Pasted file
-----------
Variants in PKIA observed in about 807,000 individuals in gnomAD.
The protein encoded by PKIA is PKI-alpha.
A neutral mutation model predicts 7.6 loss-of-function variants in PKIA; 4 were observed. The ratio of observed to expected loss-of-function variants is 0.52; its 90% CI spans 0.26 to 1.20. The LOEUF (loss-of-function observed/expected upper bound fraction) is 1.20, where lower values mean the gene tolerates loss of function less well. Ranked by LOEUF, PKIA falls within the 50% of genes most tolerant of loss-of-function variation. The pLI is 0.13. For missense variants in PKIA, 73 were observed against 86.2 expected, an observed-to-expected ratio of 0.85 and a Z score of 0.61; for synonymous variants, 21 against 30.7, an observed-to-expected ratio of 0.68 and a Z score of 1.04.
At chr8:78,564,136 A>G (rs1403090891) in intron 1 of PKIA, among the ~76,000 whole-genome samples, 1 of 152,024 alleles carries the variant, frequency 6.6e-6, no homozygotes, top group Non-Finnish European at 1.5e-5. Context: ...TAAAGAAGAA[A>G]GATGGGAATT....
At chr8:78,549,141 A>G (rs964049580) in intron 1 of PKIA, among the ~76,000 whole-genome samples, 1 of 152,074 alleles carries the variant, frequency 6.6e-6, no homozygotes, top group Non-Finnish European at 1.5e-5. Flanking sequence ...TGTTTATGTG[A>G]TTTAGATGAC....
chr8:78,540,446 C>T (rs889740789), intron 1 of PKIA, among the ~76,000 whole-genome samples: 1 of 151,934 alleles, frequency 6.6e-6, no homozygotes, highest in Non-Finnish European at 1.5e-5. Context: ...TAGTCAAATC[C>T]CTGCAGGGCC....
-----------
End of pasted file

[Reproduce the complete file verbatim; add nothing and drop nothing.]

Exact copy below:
Variants in PKIA observed in about 807,000 individuals in gnomAD.
The protein encoded by PKIA is PKI-alpha.
A neutral mutation model predicts 7.6 loss-of-function variants in PKIA; 4 were observed. The ratio of observed to expected loss-of-function variants is 0.52; its 90% CI spans 0.26 to 1.20. The LOEUF (loss-of-function observed/expected upper bound fraction) is 1.20, where lower values mean the gene tolerates loss of function less well. Ranked by LOEUF, PKIA falls within the 50% of genes most tolerant of loss-of-function variation. The pLI is 0.13. For missense variants in PKIA, 73 were observed against 86.2 expected, an observed-to-expected ratio of 0.85 and a Z score of 0.61; for synonymous variants, 21 against 30.7, an observed-to-expected ratio of 0.68 and a Z score of 1.04.
At chr8:78,564,136 A>G (rs1403090891) in intron 1 of PKIA, among the ~76,000 whole-genome samples, 1 of 152,024 alleles carries the variant, frequency 6.6e-6, no homozygotes, top group Non-Finnish European at 1.5e-5. Context: ...TAAAGAAGAA[A>G]GATGGGAATT....
At chr8:78,549,141 A>G (rs964049580) in intron 1 of PKIA, among the ~76,000 whole-genome samples, 1 of 152,074 alleles carries the variant, frequency 6.6e-6, no homozygotes, top group Non-Finnish European at 1.5e-5. Flanking sequence ...TGTTTATGTG[A>G]TTTAGATGAC....
chr8:78,540,446 C>T (rs889740789), intron 1 of PKIA, among the ~76,000 whole-genome samples: 1 of 151,934 alleles, frequency 6.6e-6, no homozygotes, highest in Non-Finnish European at 1.5e-5. Context: ...TAGTCAAATC[C>T]CTGCAGGGCC....